Some bowhunters call unlimited licenses for non-residents unreasonable
Archery deer season is open and the next four months bring excitement for bowhunters. But around the state, there is also frustration, especially on public land.
Many South Dakota bowhunters say the state's licensing structure is too favorable to out-of-staters.
In 2021, non-resident bowhunters made up 19% of South Dakota's total number of archery deer licenses sold. However, those non-resident hunters took about half of the year's mule deer buck harvest.
It's not just competition for bucks that has public land bowhunters frustrated.
In 2012, the state sold 250 non-resident antelope licenses. That number grew to 877 in 2021.
Additionally, South Dakota is the only state that allows an unlimited number of licenses to non-residents. Resident bowhunters say that results in overcrowded public hunting lands and encourages commercialization of wildlife.
The state also allows an unlimited number of resident bowhunting licenses.
Dana Rogers is a spokesperson with South Dakota Bowhunters Incorporated — a group that represents resident bowhunters. He said they've presented four petitions to limit the number of non-resident licenses over the last six years, but little has changed.
"We live here in South Dakota for a reason. One of the primary reasons is our hunting and fishing, because we don't live here for the weather," Rogers said. "We feel like it should be residents first before any type of non-resident opportunity or commercial interests."
However, hunting guides say limiting the number of licenses sold to non-residents would be bad for tourism.
Ryan Thompson who runs Praire Outfitters in Pierre, said guides are not in competition with resident hunters because they take clients to hunt on private land, not public.
"Our hunters have to have the ability to get a permit to come, and from an outfitter standpoint, where we're on private land, we're really not affecting the public," Thompson said.
However, resident hunters say all hunters are still going after the same limited number of wildlife.
In some western states, non-residents have to apply over multiple years before they get a game hunting license.
GFP Secretary Kevin Robling said he understands the issues resident bowhunters are experiencing.
"I've also seen the anecdotal observations of increased pressure on public lands," Robling said. "I hunt all on public lands, 100% on public lands. And it's real, and so doing nothing isn't an option."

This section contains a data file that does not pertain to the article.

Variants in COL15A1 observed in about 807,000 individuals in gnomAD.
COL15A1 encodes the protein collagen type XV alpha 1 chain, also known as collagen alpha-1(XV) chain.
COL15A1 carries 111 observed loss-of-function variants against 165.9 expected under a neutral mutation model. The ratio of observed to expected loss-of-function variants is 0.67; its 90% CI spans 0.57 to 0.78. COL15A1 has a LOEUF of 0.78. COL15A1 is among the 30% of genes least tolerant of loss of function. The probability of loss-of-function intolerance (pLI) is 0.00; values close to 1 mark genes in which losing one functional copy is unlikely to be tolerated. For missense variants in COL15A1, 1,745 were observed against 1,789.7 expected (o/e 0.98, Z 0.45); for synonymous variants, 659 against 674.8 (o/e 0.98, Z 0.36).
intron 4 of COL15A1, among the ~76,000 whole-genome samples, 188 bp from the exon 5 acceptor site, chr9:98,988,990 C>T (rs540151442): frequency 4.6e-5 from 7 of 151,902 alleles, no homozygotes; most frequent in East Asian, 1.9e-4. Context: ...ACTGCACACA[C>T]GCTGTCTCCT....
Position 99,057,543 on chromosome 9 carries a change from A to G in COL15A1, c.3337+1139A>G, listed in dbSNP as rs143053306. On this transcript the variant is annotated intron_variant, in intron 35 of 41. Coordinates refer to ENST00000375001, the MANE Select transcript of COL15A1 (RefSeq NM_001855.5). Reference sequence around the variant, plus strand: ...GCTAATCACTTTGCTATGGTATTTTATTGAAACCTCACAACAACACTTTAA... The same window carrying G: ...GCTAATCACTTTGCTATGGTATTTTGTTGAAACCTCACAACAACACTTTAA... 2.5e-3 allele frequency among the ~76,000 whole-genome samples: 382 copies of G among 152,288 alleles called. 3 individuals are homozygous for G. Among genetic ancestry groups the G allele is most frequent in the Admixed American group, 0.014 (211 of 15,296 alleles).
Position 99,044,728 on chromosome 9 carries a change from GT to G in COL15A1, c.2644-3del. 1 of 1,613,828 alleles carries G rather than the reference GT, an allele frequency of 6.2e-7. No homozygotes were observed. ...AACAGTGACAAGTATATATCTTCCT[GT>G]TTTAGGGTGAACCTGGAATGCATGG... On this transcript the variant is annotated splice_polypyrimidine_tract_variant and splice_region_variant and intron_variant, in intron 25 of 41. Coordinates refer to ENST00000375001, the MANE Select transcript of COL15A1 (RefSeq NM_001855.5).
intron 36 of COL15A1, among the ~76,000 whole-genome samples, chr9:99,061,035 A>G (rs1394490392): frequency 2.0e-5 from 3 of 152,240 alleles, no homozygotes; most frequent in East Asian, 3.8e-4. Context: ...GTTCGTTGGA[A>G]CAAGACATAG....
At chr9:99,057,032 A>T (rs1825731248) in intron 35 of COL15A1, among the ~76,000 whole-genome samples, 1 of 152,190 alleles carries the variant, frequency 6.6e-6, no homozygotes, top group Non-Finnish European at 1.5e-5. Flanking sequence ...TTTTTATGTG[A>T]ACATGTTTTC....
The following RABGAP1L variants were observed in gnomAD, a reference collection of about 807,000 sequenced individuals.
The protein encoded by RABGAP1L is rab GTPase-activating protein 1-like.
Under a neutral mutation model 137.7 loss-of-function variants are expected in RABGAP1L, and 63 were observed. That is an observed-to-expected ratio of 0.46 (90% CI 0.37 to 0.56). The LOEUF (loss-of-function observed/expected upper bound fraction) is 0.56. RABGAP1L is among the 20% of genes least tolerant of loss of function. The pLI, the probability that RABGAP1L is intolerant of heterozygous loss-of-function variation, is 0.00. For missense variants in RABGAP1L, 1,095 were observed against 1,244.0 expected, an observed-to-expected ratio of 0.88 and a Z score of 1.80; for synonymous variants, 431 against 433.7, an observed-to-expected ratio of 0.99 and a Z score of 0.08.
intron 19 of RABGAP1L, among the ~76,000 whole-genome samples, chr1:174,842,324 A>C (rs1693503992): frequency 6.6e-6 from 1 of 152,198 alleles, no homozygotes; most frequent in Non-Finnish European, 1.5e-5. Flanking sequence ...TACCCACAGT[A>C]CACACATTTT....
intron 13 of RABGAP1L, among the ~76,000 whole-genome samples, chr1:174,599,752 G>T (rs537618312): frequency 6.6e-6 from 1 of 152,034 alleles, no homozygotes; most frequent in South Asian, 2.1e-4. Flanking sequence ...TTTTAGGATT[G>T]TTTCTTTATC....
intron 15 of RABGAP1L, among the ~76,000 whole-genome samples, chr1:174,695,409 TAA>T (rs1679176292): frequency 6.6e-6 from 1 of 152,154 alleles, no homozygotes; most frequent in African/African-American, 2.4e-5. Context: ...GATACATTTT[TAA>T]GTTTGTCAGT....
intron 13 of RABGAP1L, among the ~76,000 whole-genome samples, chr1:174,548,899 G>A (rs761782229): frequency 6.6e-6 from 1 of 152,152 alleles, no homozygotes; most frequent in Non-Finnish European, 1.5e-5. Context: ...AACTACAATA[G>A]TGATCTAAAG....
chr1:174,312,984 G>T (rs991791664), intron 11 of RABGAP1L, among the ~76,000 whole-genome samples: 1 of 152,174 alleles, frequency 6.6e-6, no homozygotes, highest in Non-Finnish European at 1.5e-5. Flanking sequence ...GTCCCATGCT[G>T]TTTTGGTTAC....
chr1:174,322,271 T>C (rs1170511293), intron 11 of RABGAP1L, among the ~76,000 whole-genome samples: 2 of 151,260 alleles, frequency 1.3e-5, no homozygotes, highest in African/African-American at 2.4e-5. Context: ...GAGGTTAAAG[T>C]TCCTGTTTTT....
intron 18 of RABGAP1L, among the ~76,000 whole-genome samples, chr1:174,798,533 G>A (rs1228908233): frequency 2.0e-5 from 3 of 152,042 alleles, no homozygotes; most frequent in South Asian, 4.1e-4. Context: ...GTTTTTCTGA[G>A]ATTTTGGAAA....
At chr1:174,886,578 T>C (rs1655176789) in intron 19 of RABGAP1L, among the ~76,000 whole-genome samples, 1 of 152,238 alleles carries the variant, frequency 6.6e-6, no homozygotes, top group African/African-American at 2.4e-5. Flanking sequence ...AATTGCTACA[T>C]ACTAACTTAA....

Robling said the state wants to implement changes, but it needs a little more time. That will ensure all interested parties have an opportunity to have their voices heard, according to Tom Kirschenmann, GFP's director of wildlife.
The department and the GFP Commission are committed to having a plan in place by the end of December — one that includes the voices of all invested parties.
That news isn't settling the concerns of South Dakota Bowhunters Incorporated. Their group's president, Justin Broughton, said he worries about a trend where the voices of resident public land hunters are drowned out by landowner and tourism interest groups.
Broughton said that's partly due to the makeup of the GFP Commission, a body chosen by the governor.
"There are very few blue collar type public land hunters on that commission. It's pretty heavily landowner-represented and there are a couple of gentlemen on there, I think, that may even operate preserves," Broughton said. "I don't feel it accurately represents the majority of sportsmen in South Dakota."
Some longtime non-resident hunters said they understand residents' frustrations with the licensing structure. SDPB talked with two non-resident hunters from Wisconsin who both said they would understand adjustments to the state's licensing rules to limit the number of out-of-state bowhunters.
Some conservation groups and hunters say the best solution is to create more public habitat for a variety of uses.